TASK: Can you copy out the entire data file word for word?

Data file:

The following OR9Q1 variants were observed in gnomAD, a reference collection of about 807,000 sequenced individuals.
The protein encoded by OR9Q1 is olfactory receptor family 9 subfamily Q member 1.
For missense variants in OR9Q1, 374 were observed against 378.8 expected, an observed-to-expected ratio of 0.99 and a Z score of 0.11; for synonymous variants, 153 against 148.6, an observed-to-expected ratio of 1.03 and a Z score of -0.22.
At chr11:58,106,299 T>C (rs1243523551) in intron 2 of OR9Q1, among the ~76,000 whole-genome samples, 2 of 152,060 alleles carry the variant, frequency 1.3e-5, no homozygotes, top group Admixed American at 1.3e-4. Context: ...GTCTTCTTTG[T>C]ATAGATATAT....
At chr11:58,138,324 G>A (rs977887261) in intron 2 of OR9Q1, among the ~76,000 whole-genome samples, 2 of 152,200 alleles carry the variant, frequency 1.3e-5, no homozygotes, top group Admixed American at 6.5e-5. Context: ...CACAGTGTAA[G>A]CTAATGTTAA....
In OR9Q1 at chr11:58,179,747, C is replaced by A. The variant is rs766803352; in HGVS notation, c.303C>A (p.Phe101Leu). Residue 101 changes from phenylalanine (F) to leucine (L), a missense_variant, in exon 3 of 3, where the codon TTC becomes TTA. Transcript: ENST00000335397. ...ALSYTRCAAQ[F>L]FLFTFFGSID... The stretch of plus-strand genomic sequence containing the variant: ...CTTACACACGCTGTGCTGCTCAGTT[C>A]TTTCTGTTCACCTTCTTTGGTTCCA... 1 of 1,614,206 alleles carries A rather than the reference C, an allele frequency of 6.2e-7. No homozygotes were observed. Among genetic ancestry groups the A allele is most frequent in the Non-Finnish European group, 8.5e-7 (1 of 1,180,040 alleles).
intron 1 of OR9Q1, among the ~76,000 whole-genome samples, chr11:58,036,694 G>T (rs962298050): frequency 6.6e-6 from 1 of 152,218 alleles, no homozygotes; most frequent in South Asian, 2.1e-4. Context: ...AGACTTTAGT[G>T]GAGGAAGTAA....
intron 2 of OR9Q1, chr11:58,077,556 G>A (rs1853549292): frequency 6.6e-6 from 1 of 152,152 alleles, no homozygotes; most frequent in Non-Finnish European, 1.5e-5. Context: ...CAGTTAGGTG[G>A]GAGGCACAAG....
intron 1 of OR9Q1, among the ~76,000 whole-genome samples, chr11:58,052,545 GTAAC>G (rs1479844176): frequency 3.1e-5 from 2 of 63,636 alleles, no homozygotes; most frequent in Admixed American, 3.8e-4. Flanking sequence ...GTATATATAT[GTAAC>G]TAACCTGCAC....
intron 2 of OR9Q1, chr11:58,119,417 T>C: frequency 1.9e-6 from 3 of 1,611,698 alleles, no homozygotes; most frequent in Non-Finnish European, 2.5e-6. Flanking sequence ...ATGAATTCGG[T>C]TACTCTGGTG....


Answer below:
The following OR9Q1 variants were observed in gnomAD, a reference collection of about 807,000 sequenced individuals.
The protein encoded by OR9Q1 is olfactory receptor family 9 subfamily Q member 1.
For missense variants in OR9Q1, 374 were observed against 378.8 expected, an observed-to-expected ratio of 0.99 and a Z score of 0.11; for synonymous variants, 153 against 148.6, an observed-to-expected ratio of 1.03 and a Z score of -0.22.
At chr11:58,106,299 T>C (rs1243523551) in intron 2 of OR9Q1, among the ~76,000 whole-genome samples, 2 of 152,060 alleles carry the variant, frequency 1.3e-5, no homozygotes, top group Admixed American at 1.3e-4. Context: ...GTCTTCTTTG[T>C]ATAGATATAT....
At chr11:58,138,324 G>A (rs977887261) in intron 2 of OR9Q1, among the ~76,000 whole-genome samples, 2 of 152,200 alleles carry the variant, frequency 1.3e-5, no homozygotes, top group Admixed American at 6.5e-5. Context: ...CACAGTGTAA[G>A]CTAATGTTAA....
In OR9Q1 at chr11:58,179,747, C is replaced by A. The variant is rs766803352; in HGVS notation, c.303C>A (p.Phe101Leu). Residue 101 changes from phenylalanine (F) to leucine (L), a missense_variant, in exon 3 of 3, where the codon TTC becomes TTA. Transcript: ENST00000335397. ...ALSYTRCAAQ[F>L]FLFTFFGSID... The stretch of plus-strand genomic sequence containing the variant: ...CTTACACACGCTGTGCTGCTCAGTT[C>A]TTTCTGTTCACCTTCTTTGGTTCCA... 1 of 1,614,206 alleles carries A rather than the reference C, an allele frequency of 6.2e-7. No homozygotes were observed. Among genetic ancestry groups the A allele is most frequent in the Non-Finnish European group, 8.5e-7 (1 of 1,180,040 alleles).
intron 1 of OR9Q1, among the ~76,000 whole-genome samples, chr11:58,036,694 G>T (rs962298050): frequency 6.6e-6 from 1 of 152,218 alleles, no homozygotes; most frequent in South Asian, 2.1e-4. Context: ...AGACTTTAGT[G>T]GAGGAAGTAA....
intron 2 of OR9Q1, chr11:58,077,556 G>A (rs1853549292): frequency 6.6e-6 from 1 of 152,152 alleles, no homozygotes; most frequent in Non-Finnish European, 1.5e-5. Context: ...CAGTTAGGTG[G>A]GAGGCACAAG....
intron 1 of OR9Q1, among the ~76,000 whole-genome samples, chr11:58,052,545 GTAAC>G (rs1479844176): frequency 3.1e-5 from 2 of 63,636 alleles, no homozygotes; most frequent in Admixed American, 3.8e-4. Flanking sequence ...GTATATATAT[GTAAC>G]TAACCTGCAC....
intron 2 of OR9Q1, chr11:58,119,417 T>C: frequency 1.9e-6 from 3 of 1,611,698 alleles, no homozygotes; most frequent in Non-Finnish European, 2.5e-6. Flanking sequence ...ATGAATTCGG[T>C]TACTCTGGTG....